UPDATE: There is now a video recipe for Cioppino, the simple and easy seven-fish San Francisco stew: WATCH NOW

Italian-American families have their favorite dishes for Christmas Eve fish dinner – some serve 7 fish (for the 7 sacraments or 7 virtues), some serve 10 (for the 10 stations of the cross) and others 13 fish (for Jesus and the 12 apostles). I serve 7 fishes not for the religious symbolism but to draw family and friends to the table to enjoy a great 3-course fish meal and each other during the holiday season.

When I was growing up my family ate fish because it was a Catholic rule, no meat on Christmas Eve. We loved this meal so much we still cook it many years after the meat ban was dropped by the Church. It’s a big part of my holiday tradition. You can catch some of my excitement in the video we just released. I fried up some squid.

If you want to eat some fish on Christmas Eve or any day of the year check out some of my fish posts from the past year. Cook one dish or a bunch at the same time. You’ll be eating well in any case.

Let’s see if we can get to 7 fish dishes. Your first one is Calamari Fritti above.

Continuing the antipasto (before the meal) theme, how about some steamed mussels and clams with a hunk of garlic bread for dunking in the broth? (Like the calamari fritti eat these as soon as they’re done.)

Cod fish cakes anyone? If I was serving the cakes with other dishes in the antipasto I’d make the cakes much smaller, almost bite size. (You can make them ahead and warm them in the oven before serving.)

Maybe arancini (fried rice balls) stuffed with bay shrimp and served with a spicy aioli? (You can make them ahead and warm them in the oven before serving.)

Here’s one that you can put out in the antipasto course or use as a secondo piatto (second course) dish. I always have to have some sole on Christmas Eve.

For the primo piatto (first course) linguine in a spicy crab tomato sauce.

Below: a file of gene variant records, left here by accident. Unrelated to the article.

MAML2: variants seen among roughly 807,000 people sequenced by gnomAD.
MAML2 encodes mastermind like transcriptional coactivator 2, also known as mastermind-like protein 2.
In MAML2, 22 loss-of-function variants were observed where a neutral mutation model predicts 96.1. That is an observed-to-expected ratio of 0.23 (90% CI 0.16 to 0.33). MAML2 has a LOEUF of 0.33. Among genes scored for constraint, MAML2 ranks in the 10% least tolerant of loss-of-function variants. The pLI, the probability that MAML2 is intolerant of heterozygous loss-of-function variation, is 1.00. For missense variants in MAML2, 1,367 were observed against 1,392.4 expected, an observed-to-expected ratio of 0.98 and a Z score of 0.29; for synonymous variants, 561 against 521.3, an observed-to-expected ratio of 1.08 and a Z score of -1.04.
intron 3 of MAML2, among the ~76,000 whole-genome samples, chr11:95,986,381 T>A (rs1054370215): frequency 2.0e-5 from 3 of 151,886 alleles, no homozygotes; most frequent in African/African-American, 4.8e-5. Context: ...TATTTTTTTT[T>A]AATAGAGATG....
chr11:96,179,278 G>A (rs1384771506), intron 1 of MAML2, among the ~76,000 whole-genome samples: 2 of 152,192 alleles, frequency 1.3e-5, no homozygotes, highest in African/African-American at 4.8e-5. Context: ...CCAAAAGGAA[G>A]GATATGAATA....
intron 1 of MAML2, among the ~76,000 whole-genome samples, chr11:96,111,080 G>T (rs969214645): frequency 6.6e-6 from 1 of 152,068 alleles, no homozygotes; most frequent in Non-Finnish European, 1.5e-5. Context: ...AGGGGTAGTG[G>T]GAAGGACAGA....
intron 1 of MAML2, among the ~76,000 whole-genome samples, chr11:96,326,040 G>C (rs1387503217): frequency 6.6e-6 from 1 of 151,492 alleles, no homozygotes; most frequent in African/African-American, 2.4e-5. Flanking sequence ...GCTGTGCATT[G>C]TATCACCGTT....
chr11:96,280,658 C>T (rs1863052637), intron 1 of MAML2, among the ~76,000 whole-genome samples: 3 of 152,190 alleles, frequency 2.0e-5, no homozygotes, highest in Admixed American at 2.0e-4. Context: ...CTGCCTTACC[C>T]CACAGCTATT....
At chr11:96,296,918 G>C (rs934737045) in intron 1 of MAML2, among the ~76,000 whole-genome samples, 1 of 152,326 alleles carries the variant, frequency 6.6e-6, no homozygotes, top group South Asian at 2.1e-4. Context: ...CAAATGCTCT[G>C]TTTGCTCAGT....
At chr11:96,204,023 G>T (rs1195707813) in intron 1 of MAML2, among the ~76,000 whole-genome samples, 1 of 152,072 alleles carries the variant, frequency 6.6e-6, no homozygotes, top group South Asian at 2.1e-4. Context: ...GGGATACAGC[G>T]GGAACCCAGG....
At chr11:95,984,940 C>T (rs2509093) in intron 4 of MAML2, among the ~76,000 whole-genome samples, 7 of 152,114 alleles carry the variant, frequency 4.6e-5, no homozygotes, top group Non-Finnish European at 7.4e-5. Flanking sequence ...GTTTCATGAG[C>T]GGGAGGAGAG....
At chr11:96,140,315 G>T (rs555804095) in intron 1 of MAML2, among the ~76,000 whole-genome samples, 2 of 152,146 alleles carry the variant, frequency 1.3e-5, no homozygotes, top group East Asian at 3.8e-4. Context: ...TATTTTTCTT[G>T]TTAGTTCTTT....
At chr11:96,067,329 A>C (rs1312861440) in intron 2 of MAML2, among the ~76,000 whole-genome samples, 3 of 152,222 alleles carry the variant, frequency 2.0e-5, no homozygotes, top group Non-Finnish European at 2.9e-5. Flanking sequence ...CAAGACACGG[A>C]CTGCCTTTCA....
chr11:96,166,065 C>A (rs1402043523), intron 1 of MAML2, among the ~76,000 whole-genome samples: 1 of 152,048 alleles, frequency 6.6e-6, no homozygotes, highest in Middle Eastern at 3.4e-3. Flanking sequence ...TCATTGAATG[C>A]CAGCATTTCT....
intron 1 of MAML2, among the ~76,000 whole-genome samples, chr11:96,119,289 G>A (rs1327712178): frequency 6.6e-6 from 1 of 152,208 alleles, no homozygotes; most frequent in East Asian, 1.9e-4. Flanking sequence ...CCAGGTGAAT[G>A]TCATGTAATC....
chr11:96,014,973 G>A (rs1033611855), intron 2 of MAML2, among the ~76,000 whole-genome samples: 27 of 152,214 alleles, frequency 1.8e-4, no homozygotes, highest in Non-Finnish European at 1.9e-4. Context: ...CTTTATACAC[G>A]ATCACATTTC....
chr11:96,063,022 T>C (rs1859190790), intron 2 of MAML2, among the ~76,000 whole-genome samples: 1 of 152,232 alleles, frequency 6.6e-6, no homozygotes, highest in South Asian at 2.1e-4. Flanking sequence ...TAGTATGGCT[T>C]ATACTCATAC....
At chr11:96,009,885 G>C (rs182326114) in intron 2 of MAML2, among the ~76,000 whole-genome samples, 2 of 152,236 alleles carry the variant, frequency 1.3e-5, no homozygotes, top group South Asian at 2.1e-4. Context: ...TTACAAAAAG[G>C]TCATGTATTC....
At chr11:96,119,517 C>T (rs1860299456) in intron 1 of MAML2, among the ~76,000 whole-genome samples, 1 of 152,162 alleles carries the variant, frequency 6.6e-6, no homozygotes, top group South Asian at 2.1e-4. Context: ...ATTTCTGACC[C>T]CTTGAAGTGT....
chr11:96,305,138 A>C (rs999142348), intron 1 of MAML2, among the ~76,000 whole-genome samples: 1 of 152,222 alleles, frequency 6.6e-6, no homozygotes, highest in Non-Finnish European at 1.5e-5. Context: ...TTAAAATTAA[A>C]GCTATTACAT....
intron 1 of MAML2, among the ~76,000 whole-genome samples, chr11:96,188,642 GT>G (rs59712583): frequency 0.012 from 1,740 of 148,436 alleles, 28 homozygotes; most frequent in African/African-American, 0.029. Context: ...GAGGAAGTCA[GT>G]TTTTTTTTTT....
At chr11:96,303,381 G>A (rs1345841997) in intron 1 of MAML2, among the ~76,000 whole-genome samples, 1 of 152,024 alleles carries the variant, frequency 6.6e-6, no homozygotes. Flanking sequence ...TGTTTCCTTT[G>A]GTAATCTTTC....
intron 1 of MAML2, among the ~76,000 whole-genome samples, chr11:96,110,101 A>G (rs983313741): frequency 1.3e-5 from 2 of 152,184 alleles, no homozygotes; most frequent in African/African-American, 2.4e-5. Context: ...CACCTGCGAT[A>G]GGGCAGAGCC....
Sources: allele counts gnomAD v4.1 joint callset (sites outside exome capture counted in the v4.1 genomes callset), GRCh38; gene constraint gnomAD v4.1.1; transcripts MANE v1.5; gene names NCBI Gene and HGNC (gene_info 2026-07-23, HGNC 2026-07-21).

Here’s a great secondo piatto (second course), halibut baked with roasted cherry tomatoes, potatoes and green olives. I like to roast the whole fish, a branzino or sea bass, using this recipe. Just put the herb(s) inside the fish otherwise follow the original recipe. Debone the fish before serving.

That’s 7, but hey, it’s the holidays so here are a few more: fried shrimp, sword fish with salmoriglio sauce and  shrimp with oregano and garlic, simply roasted in a hot oven; and baccala salad below.

Check out my free vegetable eBook for some ideas of sides to serve with these fish dishes. Buon Natale!

[amd-recipeseo-recipe:78]

[amd-recipeseo-recipe:79]

 

Fried Calamari with Vinegar Pepper Confetti

Fried Calamari.

Fried squid (calamari fritti) is a quick antipasto that has to be eaten hot right out of the oil. Often my guests eat this first course in my kitchen standing around the hot stove. The calamari is crispy and tender. The vinegar pepper confetti adds a nice kick. The calamari is great on its own too with just a squeeze of lemon.

My friends and family always ask me to make calamari fritti. I make a big batch to enjoy as part of our Christmas Eve Seven Fish Dinner but you can have this delicious, fast dish anytime of the year.

No heavy batter here or breadcrumb coating to mask the taste of the calamari, just a light dusting of flour. No dipping sauces to get in the way either. Just enjoy the fresh, clean taste of the ocean.